The 2018 AEDC data collection has just been completed, the fourth national collection, and has achieved a child and school participation rate of over 96 per cent.
The results and data from the 2018 data collection will be available in March 2019. Since 2009, the AEDC data has been collected every three years and provides a snapshot of early childhood development across Australia.
The data collected from the AEDC helps governments and communities to understand what policies and practices are working and what could be improved to better support children and their families.
Teachers of children in their first of year of full-time school complete a research tool, the Australian version of the Early Development Instrument (AvEDI), based on their knowledge and observations of the children in their class in their first year of full-time school. The AvEDI measures five important areas of their early childhood development.
These five areas – also called domains – are closely linked to the child’s health, education and social outcomes as they grow into their adulthood:
- physical health and wellbeing
- social competence
- emotional maturity
- language and cognitive skills (school based)
- communication skills and general knowledge.
The Australian Government continues to work with state and territory governments to undertake the 2018 AEDC national collection. Since 2002, the Australian Government has worked in partnership with eminent child health research institutes: the Telethon Kids Institute, Perth; the Centre for Community Child Health; and Royal Children’s Hospital, Melbourne; to deliver the AEDC to communities nationwide.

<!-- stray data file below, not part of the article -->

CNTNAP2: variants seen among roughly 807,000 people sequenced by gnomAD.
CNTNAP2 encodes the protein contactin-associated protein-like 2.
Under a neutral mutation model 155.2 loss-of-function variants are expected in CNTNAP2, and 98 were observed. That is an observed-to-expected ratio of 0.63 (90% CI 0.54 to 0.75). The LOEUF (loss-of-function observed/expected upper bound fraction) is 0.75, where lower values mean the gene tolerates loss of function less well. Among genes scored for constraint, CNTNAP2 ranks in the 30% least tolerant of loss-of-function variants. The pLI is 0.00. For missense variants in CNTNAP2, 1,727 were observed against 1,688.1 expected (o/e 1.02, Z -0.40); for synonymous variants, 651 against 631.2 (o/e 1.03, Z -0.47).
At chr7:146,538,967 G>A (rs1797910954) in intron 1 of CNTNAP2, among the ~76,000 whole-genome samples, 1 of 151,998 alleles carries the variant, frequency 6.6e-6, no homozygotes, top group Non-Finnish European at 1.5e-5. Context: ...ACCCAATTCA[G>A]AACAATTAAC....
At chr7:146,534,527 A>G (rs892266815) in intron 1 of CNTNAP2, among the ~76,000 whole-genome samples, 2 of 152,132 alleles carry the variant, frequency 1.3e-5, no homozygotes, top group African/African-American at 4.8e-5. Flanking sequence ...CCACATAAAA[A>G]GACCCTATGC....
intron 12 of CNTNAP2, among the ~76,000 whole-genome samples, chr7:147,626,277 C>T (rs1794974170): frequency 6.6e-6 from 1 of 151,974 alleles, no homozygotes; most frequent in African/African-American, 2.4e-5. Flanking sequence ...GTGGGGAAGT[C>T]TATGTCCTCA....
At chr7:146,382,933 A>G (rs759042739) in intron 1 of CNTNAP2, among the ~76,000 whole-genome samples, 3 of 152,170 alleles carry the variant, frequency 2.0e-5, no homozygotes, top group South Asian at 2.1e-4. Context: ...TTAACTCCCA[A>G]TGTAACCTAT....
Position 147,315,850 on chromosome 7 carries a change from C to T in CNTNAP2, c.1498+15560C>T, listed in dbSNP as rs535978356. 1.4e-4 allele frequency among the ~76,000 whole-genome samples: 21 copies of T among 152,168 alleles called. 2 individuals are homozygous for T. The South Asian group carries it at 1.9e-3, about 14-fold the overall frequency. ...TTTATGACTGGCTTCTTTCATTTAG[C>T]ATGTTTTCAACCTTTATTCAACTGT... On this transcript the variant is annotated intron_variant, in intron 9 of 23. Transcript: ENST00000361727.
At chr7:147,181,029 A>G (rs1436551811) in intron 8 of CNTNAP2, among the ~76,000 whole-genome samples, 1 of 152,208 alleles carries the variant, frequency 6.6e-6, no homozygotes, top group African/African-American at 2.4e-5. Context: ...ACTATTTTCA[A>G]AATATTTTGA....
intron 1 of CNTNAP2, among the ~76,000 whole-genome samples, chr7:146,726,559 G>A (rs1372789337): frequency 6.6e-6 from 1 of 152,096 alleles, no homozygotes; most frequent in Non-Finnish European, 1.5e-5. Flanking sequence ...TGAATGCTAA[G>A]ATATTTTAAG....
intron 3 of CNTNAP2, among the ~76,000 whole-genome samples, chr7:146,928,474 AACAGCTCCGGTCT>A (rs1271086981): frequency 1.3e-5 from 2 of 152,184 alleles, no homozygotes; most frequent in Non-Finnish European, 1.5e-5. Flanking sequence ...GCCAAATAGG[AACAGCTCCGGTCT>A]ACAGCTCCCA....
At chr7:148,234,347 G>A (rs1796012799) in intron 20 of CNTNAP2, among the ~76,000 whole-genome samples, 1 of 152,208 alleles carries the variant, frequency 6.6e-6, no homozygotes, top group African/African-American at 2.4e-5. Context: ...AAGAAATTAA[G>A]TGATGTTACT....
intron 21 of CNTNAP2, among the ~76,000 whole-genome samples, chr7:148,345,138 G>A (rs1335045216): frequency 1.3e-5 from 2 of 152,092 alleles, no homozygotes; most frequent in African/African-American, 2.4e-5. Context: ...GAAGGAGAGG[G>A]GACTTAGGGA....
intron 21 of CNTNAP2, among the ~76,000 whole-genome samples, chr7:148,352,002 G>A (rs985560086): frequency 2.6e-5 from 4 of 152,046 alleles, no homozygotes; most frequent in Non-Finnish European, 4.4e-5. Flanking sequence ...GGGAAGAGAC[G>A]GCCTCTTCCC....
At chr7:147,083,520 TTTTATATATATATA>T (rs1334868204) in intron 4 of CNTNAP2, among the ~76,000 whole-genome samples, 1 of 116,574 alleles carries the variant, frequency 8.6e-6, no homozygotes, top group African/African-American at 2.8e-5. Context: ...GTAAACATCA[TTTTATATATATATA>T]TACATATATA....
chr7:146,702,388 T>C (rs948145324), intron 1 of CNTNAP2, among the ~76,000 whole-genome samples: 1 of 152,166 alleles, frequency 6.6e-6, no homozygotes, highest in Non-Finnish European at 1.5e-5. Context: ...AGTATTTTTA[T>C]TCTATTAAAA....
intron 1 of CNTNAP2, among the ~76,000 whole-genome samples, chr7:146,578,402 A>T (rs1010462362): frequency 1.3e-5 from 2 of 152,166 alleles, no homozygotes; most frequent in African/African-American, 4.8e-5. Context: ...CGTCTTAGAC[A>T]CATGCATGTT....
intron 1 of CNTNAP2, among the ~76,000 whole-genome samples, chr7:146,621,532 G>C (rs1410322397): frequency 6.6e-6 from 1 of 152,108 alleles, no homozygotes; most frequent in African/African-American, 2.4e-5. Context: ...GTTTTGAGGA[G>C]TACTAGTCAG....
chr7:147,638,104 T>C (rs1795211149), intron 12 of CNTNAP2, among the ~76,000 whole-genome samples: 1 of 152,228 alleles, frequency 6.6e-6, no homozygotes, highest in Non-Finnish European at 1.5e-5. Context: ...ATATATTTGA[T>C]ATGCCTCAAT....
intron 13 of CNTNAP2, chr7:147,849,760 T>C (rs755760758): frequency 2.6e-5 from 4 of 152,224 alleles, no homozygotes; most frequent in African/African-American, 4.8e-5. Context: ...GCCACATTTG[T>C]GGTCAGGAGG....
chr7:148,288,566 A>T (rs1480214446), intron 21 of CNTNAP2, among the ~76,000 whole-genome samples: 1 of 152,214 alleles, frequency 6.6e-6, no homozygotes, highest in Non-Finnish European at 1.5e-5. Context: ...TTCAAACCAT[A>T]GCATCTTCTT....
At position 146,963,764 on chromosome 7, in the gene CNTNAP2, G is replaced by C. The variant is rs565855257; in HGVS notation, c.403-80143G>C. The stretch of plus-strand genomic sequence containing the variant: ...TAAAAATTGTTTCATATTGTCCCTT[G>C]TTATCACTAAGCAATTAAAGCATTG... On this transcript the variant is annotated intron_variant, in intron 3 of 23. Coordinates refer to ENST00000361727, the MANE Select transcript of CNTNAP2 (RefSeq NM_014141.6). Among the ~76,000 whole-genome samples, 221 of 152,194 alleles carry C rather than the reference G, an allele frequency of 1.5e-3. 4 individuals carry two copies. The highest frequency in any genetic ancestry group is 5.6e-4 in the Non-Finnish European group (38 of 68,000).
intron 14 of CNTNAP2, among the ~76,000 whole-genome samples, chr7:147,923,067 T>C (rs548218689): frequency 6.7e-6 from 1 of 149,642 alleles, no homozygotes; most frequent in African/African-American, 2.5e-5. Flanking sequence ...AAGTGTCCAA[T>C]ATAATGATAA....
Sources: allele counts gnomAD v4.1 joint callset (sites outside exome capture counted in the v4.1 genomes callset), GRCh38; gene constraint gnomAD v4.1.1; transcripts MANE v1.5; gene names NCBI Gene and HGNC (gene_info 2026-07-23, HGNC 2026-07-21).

The AEDC results are available online and the data are available to government agencies, researchers and practitioners across all disciplines. These statistics will be used to inform early childhood education and care policy at government, community and school level. Copies of the 2015 AEDC National Report, online community maps and community profiles can be found on the AEDC website.
AEDC data reflects the environments and experiences children are exposed to from when they are born to school age. As additional time points are captured, the AEDC enables researchers, governments and communities to better track children’s development over time and identify factors impacting on children’s development.
The AEDC results can support communities to understand the proportion of children developmentally vulnerable on one or more domains within their community. Communities can use their AEDC results to engage and collaborate with local schools and early childhood providers to plan actions to better support local children and their families.
AEDC results are already shaping the design and application of early childhood program and policies with the aim of making sure children are offered a safe, nurturing and learning environment where they can grow and thrive. Specific examples of how communities have used AEDC results can be found on the AEDC website.
The results of the 2015 AEDC data collection are available on the AEDC website
Find out more
The AEDC website is for everyone interested in learning more about how the AEDC helps shape the future and wellbeing of children in Australia.